Sabrina El Kasmi, Head of Economics and Macroeconomics at Bpifrance, discusses the risks and economic implications of the Ukrainian War for French companies.
Just a few weeks ago, there were more than 500 French companies in Russia, including 35 members of CAC 40. How are you today Sabrina El Kasmi, Head of Economics and Macroeconomics at Bpifrance, outlines the situation so far and provides some answers on the impact of macroeconomics on French activities.
Big Media: What is the macroeconomic impact of the war in Ukraine on French activity?
Sabrina El Kasumi : Prior to the conflict, forecasters expected France to grow 3.5-4% in 2022. But at this stage, it is difficult to know how much our economy will be affected.
With an average price of $ 110 per barrel, you can see what will happen if you expect 0.4 points of growth in 2022. We also know that raw materials, excluding energy, will increase by 20%. , Equivalent to reducing France’s GDP growth by 0.1 points.
Also, in the extreme scenario of Russia’s embargo on gas imports, eurozone GDP growth is expected to decline by 3-4 points.
Obviously, this all affects inflation. Prior to the conflict, forecasters expected inflation of 3.2-3.9% in the euro area and 2.5-3% in France. Inflation could be revised upwards by at least one point or more, especially if the energy markets are affected and sanctions and retaliation measures escalate.
BM: Can France implement economic policies to mitigate the shock?
SEK : Yes, especially in situations where European budget rules remain suspended. The economic and social resilience program, announced on March 16, focuses on the most affected sectors. In particular, it offers individuals and professionals a 15-centime fuel discount per liter, helps businesses whose gas and electricity spending accounts for at least 3% of sales, raises PGE caps, and has access to tax and social postponements. To facilitate. Fees for companies affected by energy prices or losses in exports to Ukraine or Russia, extensions of long-term partial activity schemes, and exceptional financial assistance of 35 cents per liter of diesel for fishermen.
Even if you don’t know “whatever the cost”, the cost of the measure is estimated to be at least € 25 billion.
BM: What role do Russia and Ukraine play in the commodity markets?
SEK : We now know that these two countries play a central role in many commodity markets such as energy, metals, agricultural products and even semiconductors. Russia, in particular, is the European Union’s major natural gas supplier, accounting for nearly 40% of imports, and the world’s second largest oil exporter.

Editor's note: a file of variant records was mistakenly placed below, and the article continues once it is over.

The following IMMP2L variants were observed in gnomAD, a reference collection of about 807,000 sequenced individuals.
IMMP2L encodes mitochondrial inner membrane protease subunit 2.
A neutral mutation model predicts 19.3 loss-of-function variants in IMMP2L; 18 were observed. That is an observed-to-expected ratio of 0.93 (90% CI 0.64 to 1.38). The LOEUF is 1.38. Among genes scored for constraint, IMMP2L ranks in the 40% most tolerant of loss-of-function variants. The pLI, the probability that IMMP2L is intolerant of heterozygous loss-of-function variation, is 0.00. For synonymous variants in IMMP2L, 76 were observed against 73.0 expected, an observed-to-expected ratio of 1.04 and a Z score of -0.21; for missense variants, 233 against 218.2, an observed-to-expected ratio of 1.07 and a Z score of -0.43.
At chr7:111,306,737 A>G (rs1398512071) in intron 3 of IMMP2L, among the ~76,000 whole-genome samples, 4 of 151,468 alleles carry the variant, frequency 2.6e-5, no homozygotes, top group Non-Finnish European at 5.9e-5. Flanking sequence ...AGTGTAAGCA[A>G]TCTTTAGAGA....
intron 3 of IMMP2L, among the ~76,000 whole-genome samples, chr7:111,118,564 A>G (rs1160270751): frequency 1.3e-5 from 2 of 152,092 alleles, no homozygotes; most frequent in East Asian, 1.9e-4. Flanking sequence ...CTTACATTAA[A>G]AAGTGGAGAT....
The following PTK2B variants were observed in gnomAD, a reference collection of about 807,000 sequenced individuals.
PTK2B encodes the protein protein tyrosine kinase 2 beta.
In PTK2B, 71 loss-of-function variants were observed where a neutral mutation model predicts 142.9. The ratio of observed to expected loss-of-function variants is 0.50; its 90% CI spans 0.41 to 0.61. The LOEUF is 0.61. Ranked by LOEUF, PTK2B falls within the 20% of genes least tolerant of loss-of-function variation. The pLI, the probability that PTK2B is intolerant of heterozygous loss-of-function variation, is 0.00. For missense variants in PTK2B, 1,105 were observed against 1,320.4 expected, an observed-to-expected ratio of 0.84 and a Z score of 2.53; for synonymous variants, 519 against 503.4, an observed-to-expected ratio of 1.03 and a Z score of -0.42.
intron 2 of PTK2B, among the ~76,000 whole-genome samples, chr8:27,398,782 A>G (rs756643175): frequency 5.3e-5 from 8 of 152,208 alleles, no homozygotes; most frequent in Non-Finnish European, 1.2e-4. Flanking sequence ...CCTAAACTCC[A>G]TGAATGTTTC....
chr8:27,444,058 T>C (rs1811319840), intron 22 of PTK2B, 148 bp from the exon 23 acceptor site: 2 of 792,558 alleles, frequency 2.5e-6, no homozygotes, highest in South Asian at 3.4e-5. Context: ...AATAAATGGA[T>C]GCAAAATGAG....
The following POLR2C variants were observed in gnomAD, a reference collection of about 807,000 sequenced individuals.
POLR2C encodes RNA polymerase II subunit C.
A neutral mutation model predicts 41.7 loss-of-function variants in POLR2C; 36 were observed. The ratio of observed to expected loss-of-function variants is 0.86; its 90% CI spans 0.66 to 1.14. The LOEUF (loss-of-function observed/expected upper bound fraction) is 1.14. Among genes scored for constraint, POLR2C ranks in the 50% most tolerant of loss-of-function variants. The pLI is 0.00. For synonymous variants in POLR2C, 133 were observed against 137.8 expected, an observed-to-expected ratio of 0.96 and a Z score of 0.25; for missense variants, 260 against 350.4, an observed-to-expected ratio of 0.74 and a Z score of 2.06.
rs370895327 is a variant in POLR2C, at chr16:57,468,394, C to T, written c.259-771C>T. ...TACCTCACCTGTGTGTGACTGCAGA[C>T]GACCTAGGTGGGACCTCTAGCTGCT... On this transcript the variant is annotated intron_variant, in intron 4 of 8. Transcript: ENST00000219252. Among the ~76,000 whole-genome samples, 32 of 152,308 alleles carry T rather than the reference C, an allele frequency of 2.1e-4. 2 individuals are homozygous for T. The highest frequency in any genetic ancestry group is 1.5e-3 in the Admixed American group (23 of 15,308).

Therefore, the outbreak of conflict has led to higher prices for certain raw materials, especially energy. Prices for natural gas, oil, wheat, palladium and nickel have skyrocketed, with particularly significant fluctuations. France is also an importer of certain important industrial raw materials such as palladium, titanium and even semiconductors, even though they are less dependent on energy than their neighbors. An encouraging factor is that France is less dependent on the Russian and Ukrainian economies at the world level. 1.3% of France’s exports go to Russia and 0.3% to Ukraine. And on the import side, 1.6% comes from Russia and 0.2% from Ukraine.
BM: And what about tourism?
SEK : The income from the trade in services with Russia is quite low, so the French tourism sector does not seem to be very exposed. Only 1.2% of revenue comes from travel services related to Russia, and in 2018 there were 900,000 Russian tourists in France. That is, 1% of the total number of tourists and 1.3% of accommodation.
“Among the most exposed sectors, we can mention the automotive sector.”
BM: Are French companies very present in Ukraine and Russia?
SEK : With about 700 subsidiaries in Ukraine and Russia, our presence is quite limited. Russia and Ukraine had 535 and 159 subsidiaries in 2021, respectively. In other words, it is 2% of the overseas French subsidiary. In total, this is equivalent to 235,000 jobs, or 3.4% of the total workforce abroad.
Some major groups are exposed to the consequences of conflict through their activities in Russia. This is the case, for example, in AvtoVAZ, a subsidiary of Renault, where Russia is the second market. This also applies to Total Energies, where 17% of gas production is in Russia, and Rosbank, a subsidiary of Société Générale, whose activities in Russia account for 2.8% of net income banks.
In Russia, foreign direct investment (FDI) accounts for 1.8% of our net stock. Revenues in 2019 will be approximately € 2.7 billion, equivalent to 6.2% of the proceeds from direct investment in France. France’s FDI net inventory was only 0.1% of total inventory, or about € 550 million in 2019.
BM: Does France depend on these two countries for terms of trade and exports?
SEK : Yes for some products. 17% of petroleum products imported from France, 9% of natural hydrocarbons and other mining industrial products are from Russia and Ukraine, including 33% for coal.
In terms of French exports, the most exposed sectors are the aviation industry (4.5% of exports) and the perfume and cosmetics chemical industry (3.4%).
BM: To be precise, which sector is the most exposed?
SEK : Among the most exposed sectors, we can first cite the automotive sector, especially palladium and aluminum importers for the production of exhaust systems, and semiconductors. The aviation sector has also been exposed through the import of titanium, half of which is of Russian origin. The same applies to chemistry, which is a major user of titanium, especially natural gas. The latter is equivalent to 22% of intermediate energy consumption and 3.4% of added value. The agricultural and agricultural food sector is particularly affected by rising prices for agricultural products used in livestock feed.